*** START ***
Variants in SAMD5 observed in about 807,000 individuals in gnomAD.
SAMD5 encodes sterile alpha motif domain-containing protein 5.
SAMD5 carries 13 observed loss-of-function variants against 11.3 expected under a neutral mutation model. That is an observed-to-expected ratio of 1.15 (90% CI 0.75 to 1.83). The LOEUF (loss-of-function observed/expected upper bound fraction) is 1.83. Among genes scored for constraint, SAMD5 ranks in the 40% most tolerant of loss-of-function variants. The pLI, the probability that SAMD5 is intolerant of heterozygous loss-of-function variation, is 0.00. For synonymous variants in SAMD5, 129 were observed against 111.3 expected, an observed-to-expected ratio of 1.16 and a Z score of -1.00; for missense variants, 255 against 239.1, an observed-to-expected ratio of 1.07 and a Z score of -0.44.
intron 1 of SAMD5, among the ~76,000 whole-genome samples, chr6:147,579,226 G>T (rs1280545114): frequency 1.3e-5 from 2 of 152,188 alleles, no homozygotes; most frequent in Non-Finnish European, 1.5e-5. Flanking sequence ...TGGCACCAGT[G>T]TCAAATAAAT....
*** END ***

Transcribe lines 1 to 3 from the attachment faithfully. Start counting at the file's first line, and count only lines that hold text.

Variants in SAMD5 observed in about 807,000 individuals in gnomAD.
SAMD5 encodes sterile alpha motif domain-containing protein 5.
SAMD5 carries 13 observed loss-of-function variants against 11.3 expected under a neutral mutation model. That is an observed-to-expected ratio of 1.15 (90% CI 0.75 to 1.83). The LOEUF (loss-of-function observed/expected upper bound fraction) is 1.83. Among genes scored for constraint, SAMD5 ranks in the 40% most tolerant of loss-of-function variants. The pLI, the probability that SAMD5 is intolerant of heterozygous loss-of-function variation, is 0.00. For synonymous variants in SAMD5, 129 were observed against 111.3 expected, an observed-to-expected ratio of 1.16 and a Z score of -1.00; for missense variants, 255 against 239.1, an observed-to-expected ratio of 1.07 and a Z score of -0.44.